Datasets usually provide raw data for analysis. This raw data often comes in spreadsheet form, but can be any collection of data, on which analysis can be performed.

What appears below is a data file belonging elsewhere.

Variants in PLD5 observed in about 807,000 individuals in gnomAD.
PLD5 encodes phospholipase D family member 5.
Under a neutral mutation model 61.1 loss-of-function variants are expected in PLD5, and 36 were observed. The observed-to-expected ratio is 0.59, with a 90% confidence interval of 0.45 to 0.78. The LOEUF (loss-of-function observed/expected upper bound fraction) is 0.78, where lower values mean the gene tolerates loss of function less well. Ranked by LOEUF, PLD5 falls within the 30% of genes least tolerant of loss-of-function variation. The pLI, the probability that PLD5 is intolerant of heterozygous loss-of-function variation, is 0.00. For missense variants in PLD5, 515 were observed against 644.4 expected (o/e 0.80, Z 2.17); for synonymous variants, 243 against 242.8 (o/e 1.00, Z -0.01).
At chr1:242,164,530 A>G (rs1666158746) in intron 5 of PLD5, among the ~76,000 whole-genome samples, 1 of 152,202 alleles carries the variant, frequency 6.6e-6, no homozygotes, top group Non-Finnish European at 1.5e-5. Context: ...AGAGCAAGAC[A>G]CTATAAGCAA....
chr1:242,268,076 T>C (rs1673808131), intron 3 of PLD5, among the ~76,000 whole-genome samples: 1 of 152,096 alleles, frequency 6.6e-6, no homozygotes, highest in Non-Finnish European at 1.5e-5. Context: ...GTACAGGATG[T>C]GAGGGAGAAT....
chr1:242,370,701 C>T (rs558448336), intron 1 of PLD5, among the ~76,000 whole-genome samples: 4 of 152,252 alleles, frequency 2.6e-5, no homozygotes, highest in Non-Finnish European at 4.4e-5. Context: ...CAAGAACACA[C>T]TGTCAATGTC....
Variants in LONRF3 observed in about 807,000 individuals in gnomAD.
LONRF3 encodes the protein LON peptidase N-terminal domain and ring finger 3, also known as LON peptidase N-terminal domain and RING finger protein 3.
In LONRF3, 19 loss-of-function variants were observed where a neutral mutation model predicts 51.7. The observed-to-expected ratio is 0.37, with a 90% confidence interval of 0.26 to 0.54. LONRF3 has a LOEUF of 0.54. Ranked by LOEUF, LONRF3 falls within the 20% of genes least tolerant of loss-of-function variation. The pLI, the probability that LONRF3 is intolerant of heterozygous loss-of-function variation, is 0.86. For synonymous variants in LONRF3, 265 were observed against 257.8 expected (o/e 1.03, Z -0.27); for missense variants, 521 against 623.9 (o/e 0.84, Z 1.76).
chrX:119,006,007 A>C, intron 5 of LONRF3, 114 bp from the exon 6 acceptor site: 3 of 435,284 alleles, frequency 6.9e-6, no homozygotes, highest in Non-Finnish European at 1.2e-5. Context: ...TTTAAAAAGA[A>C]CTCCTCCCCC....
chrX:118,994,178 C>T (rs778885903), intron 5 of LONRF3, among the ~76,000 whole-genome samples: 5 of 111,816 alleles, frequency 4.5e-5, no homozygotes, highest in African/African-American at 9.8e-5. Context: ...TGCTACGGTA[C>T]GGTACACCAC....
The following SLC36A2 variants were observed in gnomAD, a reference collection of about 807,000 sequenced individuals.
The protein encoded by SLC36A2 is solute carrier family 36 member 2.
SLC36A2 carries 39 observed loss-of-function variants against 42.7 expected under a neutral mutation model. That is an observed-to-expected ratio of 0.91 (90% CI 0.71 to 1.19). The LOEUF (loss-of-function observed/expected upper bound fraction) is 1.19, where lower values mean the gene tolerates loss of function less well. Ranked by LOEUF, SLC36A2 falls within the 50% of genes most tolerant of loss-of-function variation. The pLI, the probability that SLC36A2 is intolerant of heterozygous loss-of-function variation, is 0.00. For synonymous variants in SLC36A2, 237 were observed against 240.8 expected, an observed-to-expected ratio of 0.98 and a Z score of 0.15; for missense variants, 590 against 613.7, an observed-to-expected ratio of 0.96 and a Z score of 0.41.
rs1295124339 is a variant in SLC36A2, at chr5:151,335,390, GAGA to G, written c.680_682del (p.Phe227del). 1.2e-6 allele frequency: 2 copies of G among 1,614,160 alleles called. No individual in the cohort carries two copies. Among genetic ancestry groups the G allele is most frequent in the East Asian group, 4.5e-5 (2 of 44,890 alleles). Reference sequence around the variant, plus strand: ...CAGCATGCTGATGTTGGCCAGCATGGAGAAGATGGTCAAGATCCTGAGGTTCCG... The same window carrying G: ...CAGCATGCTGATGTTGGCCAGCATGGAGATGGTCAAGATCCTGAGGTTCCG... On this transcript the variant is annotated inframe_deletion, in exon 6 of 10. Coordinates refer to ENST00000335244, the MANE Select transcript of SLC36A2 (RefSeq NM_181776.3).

Death or injury to whales from vessel strike is one of the primary threats to whale populations worldwide. However, quantifying the rate of occurrence of these collisions is difficult because many incidents are not detected (particularly from large vessels) and therefore go unreported. Furthermore, varying reporting biases occur related to species identification, spatial coverage of reports and type of vessels involved. The International Whaling Commission (IWC) has compiled a database of the worldwide occurrence of vessel strikes to cetaceans, within which Australia constitutes ~7% (35 reports) of the reported worldwide (~471 reports) vessel strike records involving large whales. Worldwide records consist largely of modern reports within the last two decades and historical evaluation of ship strike reports has mainly focused on the Northern Hemisphere. To address this we conducted a search of historical national and international print media archive databases to discover reports of vessel strikes globally, although with a focus on Australian waters. A significant number of previously unrecorded reports of vessel strikes were found for both Australia (76) and worldwide (140), resulting in a revised estimate of ~15% of global vessel strikes occurring in Australian waters. This detailed collation and analysis of vessel strike data in an Australian context has contributed to our knowledge of the worldwide occurrence of vessel strikes and challenges the notion that vessel strikes were historically rare in Australia relative to the rest of the world. The work highlights the need to examine historical records to provide context around current anthropogenic threats to marine fauna and demonstrates the importance of formalized reporting structures for effective collation of vessel strike reports. This paper examines the issues and biases in analysis of vessel strike data in general that would apply to any jurisdiction. Using the Australian data as an example we look at what information can be inferred from historical data and the dangers of inference without consideration of the reporting biases.